Hesher, or “When indie tropes attack!”
OK so we went to see Hesher the other day full of indie hope and indie cheer. On a personal note I was hoping that it would be my Summer bolster against the worst effects of this year’s blockbusterdom: “Breathe, Jules, breathe… remember Hesher.”
Sadly and although the film has its moments of interest, although there are some solid performances to be found (at least in flashes), it falls into the trap of reifying quirk at the expense of story coherence. It does this by recasting the old indie fallback trope of the magic pixie (Natalie Portman in Garden State etc.) in the new guise of Joseph Gordon Levitt’s very random metalhead sociopathic angel.
Hesher is the story of a broken, grieving family ‘cured’ by their interactions with an eccentric, implausible and basically unknowable outsider and frankly the been there, done that police were knocking at the door well before the midpoint.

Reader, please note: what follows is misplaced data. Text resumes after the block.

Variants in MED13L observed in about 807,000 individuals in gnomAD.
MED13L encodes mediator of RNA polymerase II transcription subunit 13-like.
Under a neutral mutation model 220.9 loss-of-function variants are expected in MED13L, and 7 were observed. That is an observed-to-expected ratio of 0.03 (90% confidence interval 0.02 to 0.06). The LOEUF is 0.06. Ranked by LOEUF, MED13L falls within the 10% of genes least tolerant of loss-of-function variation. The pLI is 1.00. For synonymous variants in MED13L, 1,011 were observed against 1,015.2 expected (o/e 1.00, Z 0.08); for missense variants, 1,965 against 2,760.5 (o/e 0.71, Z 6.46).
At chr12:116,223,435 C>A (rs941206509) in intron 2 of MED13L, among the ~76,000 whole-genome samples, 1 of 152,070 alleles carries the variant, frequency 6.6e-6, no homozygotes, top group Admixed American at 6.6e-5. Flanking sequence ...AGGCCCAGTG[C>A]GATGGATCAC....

There is so much in the way of indie eating-the-cake-and-assuming-you-will-still-have-it-afterwards-ness in this overly familiar idea that it pulls the whole movie off track and condemns it to being an exercise in waiting for the next Hesher intervention rather than for the other characters to take charge of their destinies.
The figure of Hesher is little more than a device to allow the script to do whatever random stuff the writers want rather than what their characters need. He’s simply a plot convenience and it gets old fast. At the end, when Hesher takes grandma for a walk in her coffin in ‘significant’ slow motion I kept imagining I was in a rough cut screening with students: “Tell me you got a take of that at normal speed…”
This is Garden State for closet pyromaniacs. This is what happens when your stick figure tattoos metaphorically match the wallpaper.
This is, I’m sad to say, a mess.